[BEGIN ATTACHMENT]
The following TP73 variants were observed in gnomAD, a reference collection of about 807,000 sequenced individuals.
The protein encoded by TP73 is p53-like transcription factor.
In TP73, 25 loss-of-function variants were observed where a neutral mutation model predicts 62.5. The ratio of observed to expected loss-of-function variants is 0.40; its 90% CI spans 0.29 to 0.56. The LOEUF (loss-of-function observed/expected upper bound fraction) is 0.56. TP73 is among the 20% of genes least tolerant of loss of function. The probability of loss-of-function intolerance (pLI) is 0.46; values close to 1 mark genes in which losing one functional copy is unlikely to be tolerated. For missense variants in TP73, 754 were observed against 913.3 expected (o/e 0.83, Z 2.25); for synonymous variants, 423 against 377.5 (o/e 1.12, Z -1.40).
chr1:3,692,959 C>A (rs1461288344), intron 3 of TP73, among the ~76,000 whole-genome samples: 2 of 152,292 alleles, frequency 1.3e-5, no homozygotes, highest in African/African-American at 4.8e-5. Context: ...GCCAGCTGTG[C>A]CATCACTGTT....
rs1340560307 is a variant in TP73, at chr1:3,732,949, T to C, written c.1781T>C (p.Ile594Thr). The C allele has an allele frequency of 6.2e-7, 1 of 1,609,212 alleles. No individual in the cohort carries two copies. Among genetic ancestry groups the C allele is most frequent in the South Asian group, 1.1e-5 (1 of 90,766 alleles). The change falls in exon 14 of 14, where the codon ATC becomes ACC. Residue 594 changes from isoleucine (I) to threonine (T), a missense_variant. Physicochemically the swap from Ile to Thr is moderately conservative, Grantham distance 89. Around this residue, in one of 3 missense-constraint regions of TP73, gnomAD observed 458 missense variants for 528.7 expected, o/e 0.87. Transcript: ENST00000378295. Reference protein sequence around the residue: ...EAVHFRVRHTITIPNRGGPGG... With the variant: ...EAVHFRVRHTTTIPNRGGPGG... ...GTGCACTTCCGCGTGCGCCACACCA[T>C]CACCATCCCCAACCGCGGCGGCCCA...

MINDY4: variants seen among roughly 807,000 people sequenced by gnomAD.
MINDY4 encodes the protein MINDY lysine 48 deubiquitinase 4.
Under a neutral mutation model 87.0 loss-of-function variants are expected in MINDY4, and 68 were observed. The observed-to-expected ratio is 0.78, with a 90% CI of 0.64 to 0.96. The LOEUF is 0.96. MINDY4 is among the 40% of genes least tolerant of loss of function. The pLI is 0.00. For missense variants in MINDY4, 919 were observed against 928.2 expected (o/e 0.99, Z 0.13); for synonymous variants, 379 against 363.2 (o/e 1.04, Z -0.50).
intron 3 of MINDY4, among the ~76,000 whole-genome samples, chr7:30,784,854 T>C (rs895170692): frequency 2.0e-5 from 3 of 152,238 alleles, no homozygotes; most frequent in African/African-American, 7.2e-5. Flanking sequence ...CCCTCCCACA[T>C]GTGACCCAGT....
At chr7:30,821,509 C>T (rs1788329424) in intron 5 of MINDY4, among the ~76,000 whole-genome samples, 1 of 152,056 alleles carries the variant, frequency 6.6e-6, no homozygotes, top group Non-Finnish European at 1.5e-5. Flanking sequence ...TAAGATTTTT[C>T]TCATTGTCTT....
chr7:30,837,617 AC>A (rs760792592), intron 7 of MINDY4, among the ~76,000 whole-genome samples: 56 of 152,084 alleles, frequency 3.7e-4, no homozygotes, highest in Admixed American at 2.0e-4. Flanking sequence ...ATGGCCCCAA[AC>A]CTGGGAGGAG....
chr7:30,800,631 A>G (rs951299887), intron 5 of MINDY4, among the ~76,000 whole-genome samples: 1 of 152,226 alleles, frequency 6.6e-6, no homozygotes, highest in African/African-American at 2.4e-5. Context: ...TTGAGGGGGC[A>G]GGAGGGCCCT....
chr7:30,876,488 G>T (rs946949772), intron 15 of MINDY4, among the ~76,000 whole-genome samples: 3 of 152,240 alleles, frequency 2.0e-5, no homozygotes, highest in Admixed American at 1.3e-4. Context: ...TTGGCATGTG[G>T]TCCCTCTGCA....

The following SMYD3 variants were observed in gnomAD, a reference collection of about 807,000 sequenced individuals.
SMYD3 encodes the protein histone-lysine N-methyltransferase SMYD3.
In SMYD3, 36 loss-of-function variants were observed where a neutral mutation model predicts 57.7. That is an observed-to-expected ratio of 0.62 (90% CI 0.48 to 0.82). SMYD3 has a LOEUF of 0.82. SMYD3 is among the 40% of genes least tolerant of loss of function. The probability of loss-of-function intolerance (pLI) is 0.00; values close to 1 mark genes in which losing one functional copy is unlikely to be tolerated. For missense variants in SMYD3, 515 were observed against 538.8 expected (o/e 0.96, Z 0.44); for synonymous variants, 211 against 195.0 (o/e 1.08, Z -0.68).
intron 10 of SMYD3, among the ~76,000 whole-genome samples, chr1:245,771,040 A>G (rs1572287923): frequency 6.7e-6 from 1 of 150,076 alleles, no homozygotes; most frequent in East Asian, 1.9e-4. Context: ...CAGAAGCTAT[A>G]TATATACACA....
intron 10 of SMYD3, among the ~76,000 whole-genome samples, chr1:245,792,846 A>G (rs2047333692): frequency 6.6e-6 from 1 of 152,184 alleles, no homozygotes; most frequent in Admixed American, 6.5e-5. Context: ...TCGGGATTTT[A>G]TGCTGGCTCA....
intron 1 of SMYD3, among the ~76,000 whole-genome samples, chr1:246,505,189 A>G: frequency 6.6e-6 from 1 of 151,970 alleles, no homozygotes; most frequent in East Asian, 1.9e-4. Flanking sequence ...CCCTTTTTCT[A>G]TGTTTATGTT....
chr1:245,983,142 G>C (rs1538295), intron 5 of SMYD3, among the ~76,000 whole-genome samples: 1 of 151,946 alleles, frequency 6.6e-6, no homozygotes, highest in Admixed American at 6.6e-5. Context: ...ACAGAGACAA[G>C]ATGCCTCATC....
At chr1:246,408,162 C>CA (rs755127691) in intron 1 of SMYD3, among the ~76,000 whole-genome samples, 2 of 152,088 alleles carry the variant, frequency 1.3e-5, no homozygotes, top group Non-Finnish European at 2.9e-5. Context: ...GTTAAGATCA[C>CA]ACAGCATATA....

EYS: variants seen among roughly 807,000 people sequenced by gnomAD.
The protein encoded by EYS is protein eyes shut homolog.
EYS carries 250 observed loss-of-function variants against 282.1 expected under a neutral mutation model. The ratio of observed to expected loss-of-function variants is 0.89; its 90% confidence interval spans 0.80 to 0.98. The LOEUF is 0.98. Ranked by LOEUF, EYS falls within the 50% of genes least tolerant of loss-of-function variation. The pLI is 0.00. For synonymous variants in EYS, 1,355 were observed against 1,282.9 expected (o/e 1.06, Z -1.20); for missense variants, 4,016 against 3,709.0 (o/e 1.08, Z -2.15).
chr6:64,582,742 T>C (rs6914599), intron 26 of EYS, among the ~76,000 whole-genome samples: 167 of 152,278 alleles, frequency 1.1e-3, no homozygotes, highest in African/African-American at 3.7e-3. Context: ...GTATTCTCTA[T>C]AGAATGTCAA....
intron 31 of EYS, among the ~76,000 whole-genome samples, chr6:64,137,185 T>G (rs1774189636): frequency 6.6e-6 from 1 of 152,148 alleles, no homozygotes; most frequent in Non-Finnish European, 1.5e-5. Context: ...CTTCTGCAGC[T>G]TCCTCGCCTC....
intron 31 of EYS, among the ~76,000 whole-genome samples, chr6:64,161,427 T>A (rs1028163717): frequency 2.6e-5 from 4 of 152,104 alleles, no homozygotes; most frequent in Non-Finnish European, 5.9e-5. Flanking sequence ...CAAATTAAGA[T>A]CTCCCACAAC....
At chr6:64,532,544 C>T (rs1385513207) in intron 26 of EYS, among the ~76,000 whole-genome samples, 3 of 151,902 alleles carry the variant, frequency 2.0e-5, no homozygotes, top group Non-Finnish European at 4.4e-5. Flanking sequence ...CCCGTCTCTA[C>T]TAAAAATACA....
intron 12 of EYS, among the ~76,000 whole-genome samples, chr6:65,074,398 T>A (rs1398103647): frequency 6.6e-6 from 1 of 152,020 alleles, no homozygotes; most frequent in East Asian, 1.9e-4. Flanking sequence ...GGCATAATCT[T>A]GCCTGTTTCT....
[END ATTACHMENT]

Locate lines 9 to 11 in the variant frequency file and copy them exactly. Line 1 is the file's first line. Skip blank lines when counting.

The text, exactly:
intron 3 of MINDY4, among the ~76,000 whole-genome samples, chr7:30,784,854 T>C (rs895170692): frequency 2.0e-5 from 3 of 152,238 alleles, no homozygotes; most frequent in African/African-American, 7.2e-5. Flanking sequence ...CCCTCCCACA[T>C]GTGACCCAGT....
At chr7:30,821,509 C>T (rs1788329424) in intron 5 of MINDY4, among the ~76,000 whole-genome samples, 1 of 152,056 alleles carries the variant, frequency 6.6e-6, no homozygotes, top group Non-Finnish European at 1.5e-5. Flanking sequence ...TAAGATTTTT[C>T]TCATTGTCTT....
chr7:30,837,617 AC>A (rs760792592), intron 7 of MINDY4, among the ~76,000 whole-genome samples: 56 of 152,084 alleles, frequency 3.7e-4, no homozygotes, highest in Admixed American at 2.0e-4. Flanking sequence ...ATGGCCCCAA[AC>A]CTGGGAGGAG....